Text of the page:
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McConnell signals Republicans willing to engage on limited gun measures 'directly related' to Uvalde

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WASHINGTON – Senate Republican Leader Mitch McConnell said Thursday he wants GOP lawmakers to work with Democrats on a legislative solution to address the elementary school shooting that left 19 children and two teachers dead in Uvalde, Texas this week.

In what could be a potential breakthrough on gun legislation, McConnell told CNN he met with Sen. John Cornyn, R-Texas, and encouraged him to engage with key Democratic senators "in trying to get an outcome that's directly related to the problem. And so I am hopeful that we could come up with a bipartisan solution that's directly related to the facts of this awful massacre."

Asked if he thought the potential areas of compromise would include red flag laws, background checks or mental health issues, McConnell said he's asked Cornyn "to meet with the Democrats who are interested in getting a bipartisan solution and come up with a proposal, if possible, that's crafted to meet this particular problem."

Senate Minority Leader Mitch McConnell, R-Ky.
Senate Minority Leader Mitch McConnell, R-Ky.

Red flag laws generally permit police or family members to seek a court order to temporarily confiscate firearms from a person who may present a danger to others or themselves.

Any bipartisan compromise on background checks, red flag laws or firearms access could mark a substantial victory for gun control advocates, who have seen Congress do very little following previous mass shootings such as Sandy Hook Elementary in Newtown, Connecticut, the Pulse Nightclub in Orlando and Marjory Stoneman Douglas High in Parkland, Florida.

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Democrats, who hold 50 seats in the Senate, need at least 60 votes to defeat a filibuster and bring legislation to the floor, so any proposal will need the support of at least 10 Republicans, most of whom have shown little appetite to go against the gun lobby and restrict access to firearms.

If there is to be a deal, it won't happen without McConnell.

A longstanding opponent of strengthening gun regulations and winner of the National Rifle Association's "Defender of Freedom" award, the seven-term senator from the Bluegrass State controls how much his caucus is willing to venture on gun legislation.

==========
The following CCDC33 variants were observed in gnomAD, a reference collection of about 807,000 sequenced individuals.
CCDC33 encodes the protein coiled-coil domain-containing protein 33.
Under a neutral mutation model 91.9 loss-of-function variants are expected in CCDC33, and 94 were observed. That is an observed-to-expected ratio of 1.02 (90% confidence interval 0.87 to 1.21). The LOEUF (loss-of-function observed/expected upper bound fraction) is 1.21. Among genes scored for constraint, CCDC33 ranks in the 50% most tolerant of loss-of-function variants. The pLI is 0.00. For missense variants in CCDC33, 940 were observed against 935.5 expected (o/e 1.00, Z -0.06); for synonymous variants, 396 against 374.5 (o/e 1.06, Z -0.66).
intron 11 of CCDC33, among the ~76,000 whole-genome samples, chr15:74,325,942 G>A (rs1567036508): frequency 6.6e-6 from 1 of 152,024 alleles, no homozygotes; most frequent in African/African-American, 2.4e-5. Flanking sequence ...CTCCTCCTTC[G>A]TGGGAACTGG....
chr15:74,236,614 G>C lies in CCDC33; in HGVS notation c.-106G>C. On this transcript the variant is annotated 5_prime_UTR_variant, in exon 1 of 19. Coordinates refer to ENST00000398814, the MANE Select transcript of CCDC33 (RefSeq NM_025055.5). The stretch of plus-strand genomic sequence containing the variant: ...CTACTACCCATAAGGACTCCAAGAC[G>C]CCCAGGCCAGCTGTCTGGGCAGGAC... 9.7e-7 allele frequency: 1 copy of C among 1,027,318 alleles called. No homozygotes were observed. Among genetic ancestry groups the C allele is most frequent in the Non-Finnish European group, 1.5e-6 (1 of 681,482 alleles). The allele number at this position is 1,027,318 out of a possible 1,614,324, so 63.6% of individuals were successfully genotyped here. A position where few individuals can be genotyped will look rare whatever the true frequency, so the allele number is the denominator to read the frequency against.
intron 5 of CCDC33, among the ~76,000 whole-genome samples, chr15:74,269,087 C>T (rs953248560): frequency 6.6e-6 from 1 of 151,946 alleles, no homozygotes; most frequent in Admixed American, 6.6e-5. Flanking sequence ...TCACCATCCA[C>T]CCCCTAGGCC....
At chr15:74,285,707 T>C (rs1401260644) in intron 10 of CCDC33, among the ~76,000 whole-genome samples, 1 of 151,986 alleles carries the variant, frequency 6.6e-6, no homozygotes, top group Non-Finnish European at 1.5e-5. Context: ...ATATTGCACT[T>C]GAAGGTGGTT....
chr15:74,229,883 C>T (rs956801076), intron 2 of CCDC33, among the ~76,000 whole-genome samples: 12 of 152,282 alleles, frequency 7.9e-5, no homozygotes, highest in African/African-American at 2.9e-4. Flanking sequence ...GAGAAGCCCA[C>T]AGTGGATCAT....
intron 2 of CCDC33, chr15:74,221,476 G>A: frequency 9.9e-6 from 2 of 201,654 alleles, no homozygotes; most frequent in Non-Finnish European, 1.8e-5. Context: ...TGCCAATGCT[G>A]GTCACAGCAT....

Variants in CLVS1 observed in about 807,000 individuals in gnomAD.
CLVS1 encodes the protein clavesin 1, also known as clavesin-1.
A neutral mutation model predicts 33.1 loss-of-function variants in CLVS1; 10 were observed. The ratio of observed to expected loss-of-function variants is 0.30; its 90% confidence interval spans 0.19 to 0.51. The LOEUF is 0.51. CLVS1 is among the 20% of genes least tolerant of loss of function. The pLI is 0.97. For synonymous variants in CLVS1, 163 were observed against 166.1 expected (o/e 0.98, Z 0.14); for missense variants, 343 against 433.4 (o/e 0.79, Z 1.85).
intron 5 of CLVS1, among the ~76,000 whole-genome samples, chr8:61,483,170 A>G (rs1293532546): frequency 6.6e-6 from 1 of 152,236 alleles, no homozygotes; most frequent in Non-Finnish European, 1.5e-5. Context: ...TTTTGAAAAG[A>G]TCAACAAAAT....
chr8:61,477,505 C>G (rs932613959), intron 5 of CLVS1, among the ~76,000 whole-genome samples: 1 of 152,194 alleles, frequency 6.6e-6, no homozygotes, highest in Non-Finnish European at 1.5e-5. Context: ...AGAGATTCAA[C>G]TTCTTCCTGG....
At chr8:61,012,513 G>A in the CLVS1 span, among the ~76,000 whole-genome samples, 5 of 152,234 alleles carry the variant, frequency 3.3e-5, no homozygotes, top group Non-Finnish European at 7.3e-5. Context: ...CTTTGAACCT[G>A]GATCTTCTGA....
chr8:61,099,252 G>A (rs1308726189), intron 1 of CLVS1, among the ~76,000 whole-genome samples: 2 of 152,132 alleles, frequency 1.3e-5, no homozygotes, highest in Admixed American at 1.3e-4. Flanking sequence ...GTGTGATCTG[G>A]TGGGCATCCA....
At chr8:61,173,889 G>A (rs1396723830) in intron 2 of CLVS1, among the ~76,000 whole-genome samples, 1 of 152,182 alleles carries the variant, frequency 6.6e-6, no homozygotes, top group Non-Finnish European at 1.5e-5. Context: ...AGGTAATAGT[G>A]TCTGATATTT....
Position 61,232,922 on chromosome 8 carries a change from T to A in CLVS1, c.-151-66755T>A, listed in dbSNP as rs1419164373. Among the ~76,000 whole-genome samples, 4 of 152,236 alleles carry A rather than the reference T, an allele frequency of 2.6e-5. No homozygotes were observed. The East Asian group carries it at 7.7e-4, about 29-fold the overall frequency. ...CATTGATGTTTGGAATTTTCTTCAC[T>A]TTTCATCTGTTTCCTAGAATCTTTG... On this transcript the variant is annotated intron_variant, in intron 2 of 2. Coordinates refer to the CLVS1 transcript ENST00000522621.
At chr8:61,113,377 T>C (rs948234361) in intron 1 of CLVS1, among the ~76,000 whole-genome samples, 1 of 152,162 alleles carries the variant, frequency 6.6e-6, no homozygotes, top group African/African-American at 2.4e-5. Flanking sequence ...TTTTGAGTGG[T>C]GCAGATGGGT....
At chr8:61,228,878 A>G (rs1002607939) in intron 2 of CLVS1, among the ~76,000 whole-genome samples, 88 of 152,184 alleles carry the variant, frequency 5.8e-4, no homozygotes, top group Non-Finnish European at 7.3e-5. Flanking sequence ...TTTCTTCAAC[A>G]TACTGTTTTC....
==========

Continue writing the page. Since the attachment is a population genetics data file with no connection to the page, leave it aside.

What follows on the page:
McConnell was instrumental in blocking previous attempts at gun control –weapons bans, background checks, red flags for mental health cases, ammunition magazine restrictions, gun sale loopholes – when calls arose after previous mass shootings.

"Hopefully, we can get an outcome that can actually pass and become law rather than just scoring points back and forth," McConnell told CNN Thursday.

McConnell's comments came a day after several Democrats expressed pessimism that Republicans would be open to substantial movement on guns even with the horrific tragedy of Uvalde on the nation's conscience.

“They (Republicans) are disturbed, upset, troubled but not willing to change where they are,” Delaware Democrat Chris Coons said Wednesday. “This is a bad day for anything even vaguely looking like hope or optimism around legislative process or progress.”

But Sen. John Thune, a South Dakota Republican and McConnell's deputy, echoed the GOP leader's sentiments.

"I think we have to at least listen to each other and see if there's a path forward where we might be able to find solutions that actually address the problem," he told Capitol Hill reporters. "Too often, in these debates, at least my experience is people come up with lots of solutions to problems that either don't exist or weren't the cause."

This article originally appeared on USA TODAY: Senate GOP Leader McConnell: bipartisan gun bill possible after Uvalde